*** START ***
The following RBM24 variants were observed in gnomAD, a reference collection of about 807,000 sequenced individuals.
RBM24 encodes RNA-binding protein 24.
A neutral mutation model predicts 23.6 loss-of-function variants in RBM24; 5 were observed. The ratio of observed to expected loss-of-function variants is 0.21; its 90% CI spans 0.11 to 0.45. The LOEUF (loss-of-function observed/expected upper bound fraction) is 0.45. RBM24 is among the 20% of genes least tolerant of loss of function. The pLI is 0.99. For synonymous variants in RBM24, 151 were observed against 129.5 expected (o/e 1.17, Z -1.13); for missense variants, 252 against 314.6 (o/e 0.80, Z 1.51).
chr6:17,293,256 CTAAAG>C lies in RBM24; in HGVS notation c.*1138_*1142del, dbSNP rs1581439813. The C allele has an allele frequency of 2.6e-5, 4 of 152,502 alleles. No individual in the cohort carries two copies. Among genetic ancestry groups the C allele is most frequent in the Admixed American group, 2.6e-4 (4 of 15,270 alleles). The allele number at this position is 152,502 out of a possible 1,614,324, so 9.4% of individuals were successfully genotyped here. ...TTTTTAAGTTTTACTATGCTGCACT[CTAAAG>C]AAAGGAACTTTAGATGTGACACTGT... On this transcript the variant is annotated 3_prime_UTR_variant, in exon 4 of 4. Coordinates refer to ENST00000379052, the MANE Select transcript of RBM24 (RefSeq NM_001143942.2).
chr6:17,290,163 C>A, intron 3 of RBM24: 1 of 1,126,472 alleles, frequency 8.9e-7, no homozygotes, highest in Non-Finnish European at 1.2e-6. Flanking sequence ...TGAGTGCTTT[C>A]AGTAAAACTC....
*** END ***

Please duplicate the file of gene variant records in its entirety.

The following RBM24 variants were observed in gnomAD, a reference collection of about 807,000 sequenced individuals.
RBM24 encodes RNA-binding protein 24.
A neutral mutation model predicts 23.6 loss-of-function variants in RBM24; 5 were observed. The ratio of observed to expected loss-of-function variants is 0.21; its 90% CI spans 0.11 to 0.45. The LOEUF (loss-of-function observed/expected upper bound fraction) is 0.45. RBM24 is among the 20% of genes least tolerant of loss of function. The pLI is 0.99. For synonymous variants in RBM24, 151 were observed against 129.5 expected (o/e 1.17, Z -1.13); for missense variants, 252 against 314.6 (o/e 0.80, Z 1.51).
chr6:17,293,256 CTAAAG>C lies in RBM24; in HGVS notation c.*1138_*1142del, dbSNP rs1581439813. The C allele has an allele frequency of 2.6e-5, 4 of 152,502 alleles. No individual in the cohort carries two copies. Among genetic ancestry groups the C allele is most frequent in the Admixed American group, 2.6e-4 (4 of 15,270 alleles). The allele number at this position is 152,502 out of a possible 1,614,324, so 9.4% of individuals were successfully genotyped here. ...TTTTTAAGTTTTACTATGCTGCACT[CTAAAG>C]AAAGGAACTTTAGATGTGACACTGT... On this transcript the variant is annotated 3_prime_UTR_variant, in exon 4 of 4. Coordinates refer to ENST00000379052, the MANE Select transcript of RBM24 (RefSeq NM_001143942.2).
chr6:17,290,163 C>A, intron 3 of RBM24: 1 of 1,126,472 alleles, frequency 8.9e-7, no homozygotes, highest in Non-Finnish European at 1.2e-6. Flanking sequence ...TGAGTGCTTT[C>A]AGTAAAACTC....